BARRY Island’s beach huts lost money in their first year because of low bookings – and the council has been criticised for failing to market them properly.
The 24 colourful huts on the eastern promenade at Whitmore Bay made a loss of £215 between February 2015-16.
So far, 233 beach hut bookings have been made since Easter 2015, bringing in £8,026. But this has not matched the £8,241 operation fees.
The most popular month was August 2015 with 136 hires but November 2015 or February 2016 had no hires at all.
The Vale of Glamorgan Council is looking at new ways to operate the huts. They have considered selling them to a private operator, who might be able to market the huts more efficiently and enable more visitors to enjoy them.
Steffan William, councillor for the Baruc ward, said: “There needs to be a proper business plan for the beach huts. We have to make it as easy as possible for people to book and gain access to the huts.”
Members of the public can hire a small or large beach hut for a maximum of one week in any given month.
During the summer season between the first Saturday of the School Easter holidays and the last Sunday of the Autumn half term school holidays, the huts are available between 10am and 8pm. Large huts, which include electricity sockets and have access to running water, cost £40 per day and the smaller huts cost £20.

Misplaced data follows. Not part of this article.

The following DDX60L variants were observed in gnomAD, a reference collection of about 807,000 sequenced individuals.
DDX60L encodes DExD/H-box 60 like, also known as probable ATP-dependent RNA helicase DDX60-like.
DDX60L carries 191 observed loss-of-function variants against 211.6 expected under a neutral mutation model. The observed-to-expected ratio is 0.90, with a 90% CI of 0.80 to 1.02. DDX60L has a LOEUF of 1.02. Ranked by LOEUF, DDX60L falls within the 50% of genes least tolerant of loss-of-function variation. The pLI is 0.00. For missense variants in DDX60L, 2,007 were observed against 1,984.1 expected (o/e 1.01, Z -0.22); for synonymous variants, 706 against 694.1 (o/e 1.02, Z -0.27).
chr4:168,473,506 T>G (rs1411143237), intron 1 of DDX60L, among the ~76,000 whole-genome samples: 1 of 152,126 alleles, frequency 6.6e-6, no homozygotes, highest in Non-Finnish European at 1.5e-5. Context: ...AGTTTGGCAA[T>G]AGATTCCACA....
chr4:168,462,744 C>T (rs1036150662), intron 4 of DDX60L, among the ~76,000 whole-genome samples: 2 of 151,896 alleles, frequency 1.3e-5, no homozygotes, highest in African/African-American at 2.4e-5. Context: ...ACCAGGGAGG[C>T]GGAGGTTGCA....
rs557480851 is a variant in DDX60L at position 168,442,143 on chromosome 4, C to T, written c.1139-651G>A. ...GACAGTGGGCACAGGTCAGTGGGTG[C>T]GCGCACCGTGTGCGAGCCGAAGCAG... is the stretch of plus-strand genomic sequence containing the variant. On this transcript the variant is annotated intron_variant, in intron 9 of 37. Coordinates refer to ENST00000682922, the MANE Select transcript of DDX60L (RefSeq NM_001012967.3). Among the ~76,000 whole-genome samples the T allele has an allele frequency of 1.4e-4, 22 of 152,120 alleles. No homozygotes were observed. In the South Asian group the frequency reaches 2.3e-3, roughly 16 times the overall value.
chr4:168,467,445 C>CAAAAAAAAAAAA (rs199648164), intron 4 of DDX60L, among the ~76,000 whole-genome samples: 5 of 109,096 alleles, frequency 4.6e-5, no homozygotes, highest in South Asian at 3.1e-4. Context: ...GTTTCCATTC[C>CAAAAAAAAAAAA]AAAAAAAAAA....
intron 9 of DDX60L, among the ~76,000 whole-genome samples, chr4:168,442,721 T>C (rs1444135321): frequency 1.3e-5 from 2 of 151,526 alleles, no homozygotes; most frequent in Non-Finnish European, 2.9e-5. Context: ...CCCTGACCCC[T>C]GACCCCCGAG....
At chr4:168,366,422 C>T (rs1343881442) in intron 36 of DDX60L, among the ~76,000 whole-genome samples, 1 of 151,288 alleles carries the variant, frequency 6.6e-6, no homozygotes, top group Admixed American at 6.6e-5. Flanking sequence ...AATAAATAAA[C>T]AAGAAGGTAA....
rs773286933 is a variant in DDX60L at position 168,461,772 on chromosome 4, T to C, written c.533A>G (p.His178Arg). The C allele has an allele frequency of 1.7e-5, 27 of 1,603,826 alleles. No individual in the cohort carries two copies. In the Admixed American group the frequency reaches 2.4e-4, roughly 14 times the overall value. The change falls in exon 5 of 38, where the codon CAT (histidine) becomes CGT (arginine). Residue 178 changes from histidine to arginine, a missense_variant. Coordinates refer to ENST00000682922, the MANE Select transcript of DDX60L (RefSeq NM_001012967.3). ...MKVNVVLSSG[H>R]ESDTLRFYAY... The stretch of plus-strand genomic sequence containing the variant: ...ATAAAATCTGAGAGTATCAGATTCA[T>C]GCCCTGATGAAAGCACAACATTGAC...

In the winter season, the larger huts are available for £30 and the smaller huts for £15 per day.
Cllr William said: “The beach huts should have proper facilities – light, electricity and water – that people expect when they go to a holiday resort. I would hope that Barry Island would soon have free wi-fi so that holiday-makers can have internet access as well.”
The beach huts were introduced as part of the Welsh Government £2.9m regeneration scheme at Barry Island and have quickly become symbolic of the area.
Cllr Nic Hodges said: “The beach huts are a clearly iconic part of Barry Island, well photographed and seen all over social media, but I worry that we have missed the opportunity and novelty of the beach huts to reach new audiences and bring them to Barry Island.
“Public economic regeneration money was invested in the beach huts and we have to show that it was well used. So far, it hasn’t been – as the bookings show.